In the examples which follow, the solids contents were determined in a through-circulation oven after 2 hours at 100° C. The viscosities were determined by an ICI plate and cone viscometer at 23° C.
The amount of the individual monomers, the amount of solvents, the amount of initiator and regulator and the polymerization temperature and binder data can be seen from Table 1. The acrylates were prepared in standard equipment (2 liter glass reactors) equipped with stirrer, reflux condenser and feed inlets. A 1:1 mixture of xylene and 1-methoxypropyl 2-acetate was used as solvent. The solvent mixture was initially introduced, and a portion was used for dissolving the initiator. Azobis(isovaleronitrile) was used as initiator. 3-Mercaptopropylmethyldimethoxysilane was used as polymerization regulator.
The solvent mixture was heated to the stated polymerization temperature, and the temperature was maintained during the entire polymerization period. The mixture of monomers given (including the regulator) and the initiator solution were metered in separately.
The addition periods for the monomer mixture (including the regulator) were 3 hours and for the initiator solution 3.5 hours, both additions being started at the same time; the addition took place evenly over the period given, and after the addition of the initiator was complete the polymerization was continued for another 2 hours at the stated polymerization temperature. The amounts of monomers, solvents etc. are given in pbw=parts by weight.
TABLE 1______________________________________Example No. 1______________________________________Initially introduced silvent1) 1,002 pbwγ-Methacryloxypropyltrimethoxysilane 300 pbwHexanediol diacrylate 200 pbwMethyl methacrylate 200 pbwTert.-Butyl acrylate 100 pbwn-Butyl acrylate 100 pbwCyclohexyl methacrylate 100 pbwRegulator2) 80 pbwInitiator3) 26 pbwSolvent for init.1) 104 pbwPolymerization temp. 110° C.Solids content 49%Visc. (dPa × s) 2-- Mn 4) 3,000-- Mw 65,000______________________________________ 1) 1:1 mixture of xylene and methoxypropyl acetate 2) 3mercaptopropylmethyldimethoxysilane 3) azobis(isovaleronitrile) 4) The average molecular weights were determined by gel permeation chromatography against a polystyrene standard
76.0 parts of the copolymer described above and containing silyl groups, 4.0 parts of a 0.006% strength solution of a polysiloxane polyether in SolvessoŽ 100, 8.0 parts of butylglycol acetate, 1.0 part of a commercially available light stabilizer (commercial product "Tinuvin 292" from Ciba Geigy), 1.0 part of a further commercially available light stabilizer (commercial product "Tinuvin 1130" from Ciba Geigy), 5.0 parts of butanol and 5 parts of butyl acetate are used to prepare a clearcoat by stirring the individual components successively by means of a dissolver. 8.0 parts of a sealing mixture comprising 50% by weight of butyl acetate, 10% by weight of benzine having a boiling range of 135° to 180° C., 15% by weight of xylene, 15% by weight of Solvent NaphtaŽ, 5% by weight of methoxypropyl acetate and 5% by weight of butylglycol acetate are then added. 3 parts of a 10% strength solution of dibutyltin dilaurate in butanol, 1.5 parts of 4,5-dihydro-1-[3-(triethoxysilyl)propyl]-imidazole and 10 parts of a 1% strength solution of γ-mercaptopropyltrimethoxysilane in xylene are used as catalysts.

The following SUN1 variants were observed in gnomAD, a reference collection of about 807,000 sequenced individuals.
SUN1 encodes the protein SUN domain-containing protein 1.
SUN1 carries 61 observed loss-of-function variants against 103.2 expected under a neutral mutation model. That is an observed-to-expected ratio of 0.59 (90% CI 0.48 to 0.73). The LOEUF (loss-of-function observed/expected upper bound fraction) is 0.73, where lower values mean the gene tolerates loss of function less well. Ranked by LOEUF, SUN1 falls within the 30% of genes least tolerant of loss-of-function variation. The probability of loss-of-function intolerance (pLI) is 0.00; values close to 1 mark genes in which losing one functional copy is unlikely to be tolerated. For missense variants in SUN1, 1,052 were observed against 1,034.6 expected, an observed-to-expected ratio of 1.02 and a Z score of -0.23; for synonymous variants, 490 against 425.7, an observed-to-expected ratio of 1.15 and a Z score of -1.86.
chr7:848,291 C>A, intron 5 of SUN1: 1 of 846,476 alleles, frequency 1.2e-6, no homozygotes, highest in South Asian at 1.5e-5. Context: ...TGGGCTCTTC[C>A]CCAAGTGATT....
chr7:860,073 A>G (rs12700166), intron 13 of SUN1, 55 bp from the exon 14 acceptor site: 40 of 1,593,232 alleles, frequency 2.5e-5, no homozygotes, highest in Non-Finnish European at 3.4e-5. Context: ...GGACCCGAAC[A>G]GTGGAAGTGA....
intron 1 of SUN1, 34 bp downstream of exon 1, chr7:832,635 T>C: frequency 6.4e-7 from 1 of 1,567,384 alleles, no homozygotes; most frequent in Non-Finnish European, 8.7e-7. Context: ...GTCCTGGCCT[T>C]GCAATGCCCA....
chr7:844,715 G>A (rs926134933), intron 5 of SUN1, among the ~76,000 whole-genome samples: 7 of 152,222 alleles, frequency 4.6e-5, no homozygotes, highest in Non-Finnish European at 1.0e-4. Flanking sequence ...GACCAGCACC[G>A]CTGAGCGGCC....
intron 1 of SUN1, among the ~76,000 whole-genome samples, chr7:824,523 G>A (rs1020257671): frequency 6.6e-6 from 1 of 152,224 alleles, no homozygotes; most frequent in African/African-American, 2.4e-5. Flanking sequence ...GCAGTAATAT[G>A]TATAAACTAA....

To prepare a polyurethane dispersion, first 570 g of a commercially available polyester prepared from caprolactone and a glycol and having a hydroxyl number of 196 were dehydrated at 100° C. in vacuo for 1 hour. 524 g of 4,4'-dicyclohexylmethane diisocyanate were added at 80° C. and stirred at 90° C. until the isocyanate content is 7.52% by weight, relative to the total weight. After cooling to 60° C., a solution of 67 g of dimethylolpropionic acid and 50 g of triethylamine in 400 g of N-methylpyrrolidone is added, and the mixture is stirred at 90° C. for 1 hour. The composition obtained is added to 1840 g of cold deionized water with vigorous stirring. 86 g of a 15% strength hydrazine solution are added to the dispersion obtained over a period of 20 minutes with vigorous stirring. The resulting, very finely divided dispersion has a solids content of 35% and a flow time of 27 seconds in the DIN 4 cup.
The water-soluble polyester used is prepared as follows:
832 parts by weight of neopentylglycol are weighed into a reactor equipped with a stirrer, a thermometer and a packed column and melted. 664 parts by weight of isophthalic acid are added. The mixture is heated with stirring in such a manner that the column head temperature does not exceed 100° C. The esterification is carried out at a maximum temperature of 220° C. until an acid number of 8.5 is reached. After cooling to 180° C., 384 parts by weight of trimellitic anhydride are added, and the esterification is continued until an acid number of 39 is reached. The mixture is diluted with 425 parts by weight of butanol.
The water-dilutable basecoat composition is prepared by adding 30 parts of the polyurethane dispersion described above and having a solids content of 35% to 35 parts of thickener (paste of a sodium magnesium silicate having a layer structure, 3% strength solution in water) with stirring. 5 parts of the polyester described above (solids content 80%), 0.5 part of dimethylethanolamine, 5 parts of a commercially available melamine/formaldehyde resin esterified with methanol (solids content 70% in water), 5 parts of a commercially available aluminum pigment paste (65% strength in water, average particle diameter 10 μm), 8 parts of butylglycol and 11.5 parts of deionized water are added with further stirring. After stirring for 30 minutes, the viscosity is adjusted to a flow time of 14-15 s in the DIN 4 cup with water.